How a paralyzed boy will mind-control his robotic bodysuit to kick off the World Cup

Here’s a feel-good story to kick off your week. A teenager will be kicking off the 2014 World Cup in São Paulo. The catch? He’s paralyzed, and will be assisted by an amazing robotic bodysuit built by neuroengineers at Duke. To put this in language that everybody understands, the device is controlled by the boy’s mind. Just picture Iron Man and you’ve pretty much got it. But technically speaking the technology uses a headset that reads neural signals to control the robot suit. The fancy tech was researched by implanting tiny electrical sensors in the brains of rats and monkeys, but now this youth will be trained to kick the ball and get the games underway.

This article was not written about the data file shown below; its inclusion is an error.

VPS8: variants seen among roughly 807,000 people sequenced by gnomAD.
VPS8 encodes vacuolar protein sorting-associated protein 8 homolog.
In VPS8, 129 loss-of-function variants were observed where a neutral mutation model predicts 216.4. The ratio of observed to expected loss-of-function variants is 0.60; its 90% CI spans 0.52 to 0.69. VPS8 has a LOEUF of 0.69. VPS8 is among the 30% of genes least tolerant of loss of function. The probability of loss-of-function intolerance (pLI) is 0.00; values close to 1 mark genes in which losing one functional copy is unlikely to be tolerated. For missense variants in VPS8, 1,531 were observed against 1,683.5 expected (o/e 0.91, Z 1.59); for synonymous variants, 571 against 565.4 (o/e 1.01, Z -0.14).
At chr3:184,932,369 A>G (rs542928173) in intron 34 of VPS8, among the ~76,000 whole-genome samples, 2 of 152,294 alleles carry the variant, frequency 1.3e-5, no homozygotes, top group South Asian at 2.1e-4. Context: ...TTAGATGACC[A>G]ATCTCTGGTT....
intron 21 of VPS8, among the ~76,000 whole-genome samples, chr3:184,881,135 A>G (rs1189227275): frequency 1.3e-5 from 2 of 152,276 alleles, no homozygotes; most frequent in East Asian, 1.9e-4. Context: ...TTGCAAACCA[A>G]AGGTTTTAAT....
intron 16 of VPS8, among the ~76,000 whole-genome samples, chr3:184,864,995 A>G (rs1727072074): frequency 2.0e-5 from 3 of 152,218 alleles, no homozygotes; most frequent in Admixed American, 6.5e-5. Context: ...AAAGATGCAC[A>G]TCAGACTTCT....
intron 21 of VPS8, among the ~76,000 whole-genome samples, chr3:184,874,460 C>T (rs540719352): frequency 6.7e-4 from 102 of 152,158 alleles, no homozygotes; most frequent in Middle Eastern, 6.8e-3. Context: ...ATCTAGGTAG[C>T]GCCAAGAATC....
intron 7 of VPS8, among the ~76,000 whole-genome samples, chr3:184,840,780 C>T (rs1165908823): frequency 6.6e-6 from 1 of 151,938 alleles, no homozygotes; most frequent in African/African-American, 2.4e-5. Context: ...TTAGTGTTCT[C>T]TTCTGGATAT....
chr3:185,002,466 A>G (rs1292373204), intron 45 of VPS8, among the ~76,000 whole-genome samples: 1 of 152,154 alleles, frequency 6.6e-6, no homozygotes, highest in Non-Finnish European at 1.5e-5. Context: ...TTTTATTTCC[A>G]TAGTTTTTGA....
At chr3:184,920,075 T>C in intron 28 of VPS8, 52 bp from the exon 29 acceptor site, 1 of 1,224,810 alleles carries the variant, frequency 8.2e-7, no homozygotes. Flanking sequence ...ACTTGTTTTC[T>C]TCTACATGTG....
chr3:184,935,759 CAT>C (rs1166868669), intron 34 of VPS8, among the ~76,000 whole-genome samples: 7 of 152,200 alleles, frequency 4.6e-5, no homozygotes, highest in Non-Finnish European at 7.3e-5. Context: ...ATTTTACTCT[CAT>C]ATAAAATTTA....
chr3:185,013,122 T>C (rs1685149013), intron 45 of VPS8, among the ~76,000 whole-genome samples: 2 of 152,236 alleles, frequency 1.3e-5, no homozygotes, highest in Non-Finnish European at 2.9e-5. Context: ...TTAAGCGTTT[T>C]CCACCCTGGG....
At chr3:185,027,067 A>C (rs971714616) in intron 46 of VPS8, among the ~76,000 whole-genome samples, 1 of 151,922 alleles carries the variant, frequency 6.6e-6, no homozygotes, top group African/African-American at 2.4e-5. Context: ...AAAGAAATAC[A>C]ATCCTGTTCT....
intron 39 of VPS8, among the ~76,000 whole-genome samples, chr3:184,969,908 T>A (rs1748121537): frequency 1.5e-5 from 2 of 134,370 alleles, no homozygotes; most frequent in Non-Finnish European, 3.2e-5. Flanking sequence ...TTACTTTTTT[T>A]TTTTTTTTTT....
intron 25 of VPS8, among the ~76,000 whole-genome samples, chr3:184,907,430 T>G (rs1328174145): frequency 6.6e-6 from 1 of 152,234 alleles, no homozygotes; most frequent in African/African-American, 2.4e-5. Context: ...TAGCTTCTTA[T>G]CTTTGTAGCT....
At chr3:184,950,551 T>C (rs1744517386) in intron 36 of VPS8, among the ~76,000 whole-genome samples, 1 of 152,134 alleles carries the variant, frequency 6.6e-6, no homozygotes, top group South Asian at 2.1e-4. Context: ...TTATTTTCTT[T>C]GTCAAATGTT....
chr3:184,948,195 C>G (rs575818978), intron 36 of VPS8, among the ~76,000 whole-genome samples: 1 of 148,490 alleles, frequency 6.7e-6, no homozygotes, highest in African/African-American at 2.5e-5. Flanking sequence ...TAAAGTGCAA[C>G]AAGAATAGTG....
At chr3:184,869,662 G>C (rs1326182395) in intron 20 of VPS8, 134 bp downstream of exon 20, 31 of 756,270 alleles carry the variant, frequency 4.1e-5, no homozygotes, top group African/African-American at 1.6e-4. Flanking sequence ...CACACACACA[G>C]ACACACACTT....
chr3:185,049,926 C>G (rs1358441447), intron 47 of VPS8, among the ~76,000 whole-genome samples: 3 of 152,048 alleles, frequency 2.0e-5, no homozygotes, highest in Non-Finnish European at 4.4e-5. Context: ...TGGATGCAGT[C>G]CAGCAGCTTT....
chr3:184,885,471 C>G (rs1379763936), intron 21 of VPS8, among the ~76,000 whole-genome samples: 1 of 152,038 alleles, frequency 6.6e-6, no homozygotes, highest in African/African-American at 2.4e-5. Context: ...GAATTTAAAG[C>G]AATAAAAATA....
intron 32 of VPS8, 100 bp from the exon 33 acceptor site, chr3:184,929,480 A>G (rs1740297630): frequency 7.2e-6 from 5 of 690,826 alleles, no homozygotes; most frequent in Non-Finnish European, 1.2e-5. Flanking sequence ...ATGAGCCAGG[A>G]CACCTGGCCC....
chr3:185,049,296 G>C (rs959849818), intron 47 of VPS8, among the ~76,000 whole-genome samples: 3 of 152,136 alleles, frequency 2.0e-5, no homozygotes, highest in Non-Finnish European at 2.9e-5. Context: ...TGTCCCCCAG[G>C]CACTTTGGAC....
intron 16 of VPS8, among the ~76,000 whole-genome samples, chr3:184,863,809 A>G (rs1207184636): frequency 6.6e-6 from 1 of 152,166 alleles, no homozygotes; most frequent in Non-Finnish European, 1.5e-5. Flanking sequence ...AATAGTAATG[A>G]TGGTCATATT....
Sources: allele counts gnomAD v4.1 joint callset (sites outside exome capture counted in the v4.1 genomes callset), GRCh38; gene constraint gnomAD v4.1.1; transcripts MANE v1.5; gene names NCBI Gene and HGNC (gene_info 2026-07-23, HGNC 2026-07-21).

While important research in brain-controlled prostheses is being done in the field of physical therapy, less-important but potentially really cool research is being done with brain-controlled games. While current electroencephalography (or EEG) headsets are rather rudimentary controllers, the potential is there. There’s no telling how biofeedback will benefit the way we live and play.